The Publication of Habitat for Humanity International | December 2001 / January 2002
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Youth Help Build the Future

Cluj-Napoca, a city of 350,000 in north-central Romania, is at once a city of both the old and the new. A soaring 15th-century cathedral dominates the city’s center, while blocks of concrete communist-era flats ring the perimeter. Elderly women covered in shawls watch clusters of denim-clad youth pass on the streets. Just outside the city, shiny BMWs swerve around horse-drawn carts of hay on bumpy roads.

This setting of old and new was an appropriate backdrop for Romania’s participation in the World Leaders Build held in conjunction with Habitat for Humanity’s Summer Youth Build in August. The SYB, a program sponsored by HFHI’s Campus Chapters and Youth Programs department, brings together youth of diverse backgrounds to build a Habitat house and deepen their understanding of teamwork.

While heads of state and government were participating in Habitat’s World Leaders Build throughout the world, the youth were developing their own leadership skills in Cluj.

“Some of these students are going to hold pretty important positions, and I think experiencing something like this in youth will inspire them when they’re older,” said Melinda Ruegg, an SYB adult supervisor. “They’ll think back to this experience and hopefully do something about the situation in their own countries or internationally.”

Laura Ferent, HFH Cluj volunteer coordinator, says she hopes the experiences of some of the Romanian youth who participated in the build, as well as presentations at universities and student organizations, will motivate other students to volunteer locally.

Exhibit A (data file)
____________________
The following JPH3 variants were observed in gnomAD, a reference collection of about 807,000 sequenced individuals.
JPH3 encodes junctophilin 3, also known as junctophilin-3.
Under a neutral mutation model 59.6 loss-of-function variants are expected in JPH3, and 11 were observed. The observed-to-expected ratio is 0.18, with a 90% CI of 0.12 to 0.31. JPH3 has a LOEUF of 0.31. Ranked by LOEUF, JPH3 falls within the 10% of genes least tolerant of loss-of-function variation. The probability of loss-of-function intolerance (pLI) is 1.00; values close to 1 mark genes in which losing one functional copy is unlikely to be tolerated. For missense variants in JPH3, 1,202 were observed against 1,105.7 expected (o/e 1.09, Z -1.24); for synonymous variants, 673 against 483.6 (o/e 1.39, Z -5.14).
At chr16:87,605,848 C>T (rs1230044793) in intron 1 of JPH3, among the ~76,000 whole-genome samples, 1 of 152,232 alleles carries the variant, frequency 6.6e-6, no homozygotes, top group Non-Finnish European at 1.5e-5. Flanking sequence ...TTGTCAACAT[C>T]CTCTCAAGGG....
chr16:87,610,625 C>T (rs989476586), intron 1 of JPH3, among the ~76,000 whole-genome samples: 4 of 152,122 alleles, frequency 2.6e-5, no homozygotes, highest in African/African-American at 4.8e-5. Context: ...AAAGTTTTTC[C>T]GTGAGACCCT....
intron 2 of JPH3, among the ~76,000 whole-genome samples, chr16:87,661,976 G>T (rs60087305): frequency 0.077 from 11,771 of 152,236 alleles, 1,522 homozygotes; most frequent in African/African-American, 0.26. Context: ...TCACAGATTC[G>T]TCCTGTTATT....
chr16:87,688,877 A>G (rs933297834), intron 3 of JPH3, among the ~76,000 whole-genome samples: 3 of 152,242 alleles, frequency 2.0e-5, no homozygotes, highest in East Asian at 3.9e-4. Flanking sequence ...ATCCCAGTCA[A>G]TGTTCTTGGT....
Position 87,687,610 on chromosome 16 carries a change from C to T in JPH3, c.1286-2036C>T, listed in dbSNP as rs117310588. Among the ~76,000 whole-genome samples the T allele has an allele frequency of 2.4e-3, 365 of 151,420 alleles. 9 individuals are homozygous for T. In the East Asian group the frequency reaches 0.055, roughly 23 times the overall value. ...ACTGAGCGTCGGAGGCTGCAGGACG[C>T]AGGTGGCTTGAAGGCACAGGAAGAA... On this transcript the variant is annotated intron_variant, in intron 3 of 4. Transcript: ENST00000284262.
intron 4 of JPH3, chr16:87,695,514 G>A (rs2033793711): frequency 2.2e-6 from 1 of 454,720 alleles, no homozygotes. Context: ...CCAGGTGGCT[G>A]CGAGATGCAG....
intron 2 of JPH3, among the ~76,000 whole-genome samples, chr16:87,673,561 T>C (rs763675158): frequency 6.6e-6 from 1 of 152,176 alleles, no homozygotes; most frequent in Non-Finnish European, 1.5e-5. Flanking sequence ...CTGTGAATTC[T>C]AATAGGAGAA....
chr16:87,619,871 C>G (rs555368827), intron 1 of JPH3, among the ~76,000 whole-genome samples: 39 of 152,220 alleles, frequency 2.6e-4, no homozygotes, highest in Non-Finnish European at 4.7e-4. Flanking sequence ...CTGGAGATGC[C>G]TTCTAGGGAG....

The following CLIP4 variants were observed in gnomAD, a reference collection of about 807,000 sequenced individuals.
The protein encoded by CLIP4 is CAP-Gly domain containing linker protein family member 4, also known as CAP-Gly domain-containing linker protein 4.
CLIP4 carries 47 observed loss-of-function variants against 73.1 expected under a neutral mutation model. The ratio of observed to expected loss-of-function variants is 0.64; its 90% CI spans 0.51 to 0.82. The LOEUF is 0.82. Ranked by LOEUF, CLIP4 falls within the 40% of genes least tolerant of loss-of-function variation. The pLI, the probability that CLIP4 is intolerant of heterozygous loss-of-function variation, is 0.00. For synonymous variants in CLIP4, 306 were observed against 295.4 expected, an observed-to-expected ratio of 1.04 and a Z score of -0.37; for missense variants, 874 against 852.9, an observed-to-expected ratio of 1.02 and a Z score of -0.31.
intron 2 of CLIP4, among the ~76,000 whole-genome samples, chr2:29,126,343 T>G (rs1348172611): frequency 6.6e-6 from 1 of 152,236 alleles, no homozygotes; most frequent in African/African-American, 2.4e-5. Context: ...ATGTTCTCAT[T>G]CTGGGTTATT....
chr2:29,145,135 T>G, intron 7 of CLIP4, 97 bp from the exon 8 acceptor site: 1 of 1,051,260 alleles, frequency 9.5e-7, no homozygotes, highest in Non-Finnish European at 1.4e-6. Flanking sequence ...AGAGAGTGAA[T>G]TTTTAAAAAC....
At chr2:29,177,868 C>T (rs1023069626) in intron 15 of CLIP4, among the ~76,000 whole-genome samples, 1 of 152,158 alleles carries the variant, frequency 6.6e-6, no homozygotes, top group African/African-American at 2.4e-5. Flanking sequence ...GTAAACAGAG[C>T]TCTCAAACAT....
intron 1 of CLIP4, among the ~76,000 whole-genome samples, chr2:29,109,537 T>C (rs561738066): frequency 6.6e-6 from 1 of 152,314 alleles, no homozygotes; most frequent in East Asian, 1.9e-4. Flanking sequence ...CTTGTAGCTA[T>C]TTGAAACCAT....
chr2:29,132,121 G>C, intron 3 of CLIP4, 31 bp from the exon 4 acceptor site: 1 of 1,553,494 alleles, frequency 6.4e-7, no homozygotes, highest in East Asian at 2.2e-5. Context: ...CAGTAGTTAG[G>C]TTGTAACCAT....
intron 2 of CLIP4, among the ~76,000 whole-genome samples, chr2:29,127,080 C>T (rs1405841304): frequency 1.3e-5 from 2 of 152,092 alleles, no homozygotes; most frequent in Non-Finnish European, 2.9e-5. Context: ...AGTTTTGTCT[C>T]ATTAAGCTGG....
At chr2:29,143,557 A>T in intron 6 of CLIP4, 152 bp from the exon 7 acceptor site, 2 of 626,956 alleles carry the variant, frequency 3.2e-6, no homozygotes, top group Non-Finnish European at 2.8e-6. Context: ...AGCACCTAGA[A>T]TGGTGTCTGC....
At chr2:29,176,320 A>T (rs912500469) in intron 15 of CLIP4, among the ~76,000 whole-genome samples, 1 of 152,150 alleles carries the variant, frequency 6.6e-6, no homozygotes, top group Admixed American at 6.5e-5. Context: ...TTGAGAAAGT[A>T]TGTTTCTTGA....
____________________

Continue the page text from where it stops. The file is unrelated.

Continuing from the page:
“The students are the future,” Ferent said. “They are enthusiastic, and they really want to help.”

Youth and adult supervisors at the build represented eight countries, including Germany, Hungary, Poland, Portugal, Romania, Spain, Switzerland and the United States. In the two weeks between their arrival and departure, the young people worked, ate and lived together, building friendships and nearly completing one unit of a five-unit row house.

“We all became very close,” Stefanie Sevcik, a youth from the United States, said. “The night before we left Budapest [to head home], most of us didn’t even go to sleep. It shows how close a group of people congregating for a common purpose can be in two weeks.”

The experience of building together was a powerful one for the partner homeowners as well as the youth. Mihai Pop and his wife, Viorica, lived with their children in a small, three-room shed scheduled for demolition. Their new Habitat house, with three bedrooms and a kitchen and living room area, seems spacious in comparison to their former home.

“It’s a big thing, what the volunteers through Habitat did for us,” he said. “What really touches us is the idea of helping your neighbor.” This idea of helping a neighbor is part of the message HFH Cluj hopes to spread in the community. At a mid-week press conference at the build site, county governor Vasile Soporan helped frame interior walls, introducing television, radio and newspaper representatives to Habitat’s love in action.This support from the media and local government is significant in a country in which memories of the mandatory “volunteerism” of the communist regime are fresh, and dishonest organizations have left many people holding empty promises.

“There are people who don’t believe in anything because of problems with other organizations,” Pop said. “Seeing these houses built in Cluj, the people will trust that Habitat builds with people in need without having ‘connections’ or bribes. This wasn’t thought possible in Romania before.”

The Pops gathered for a question-and-answer session with participants and translators during the build. When asked what they had learned from the build, Mihai’s answer was quick: “The feeling of being human.We were impressed with you—that you came here from thousands of miles away to work and not get paid.There is something like a human spirit.”


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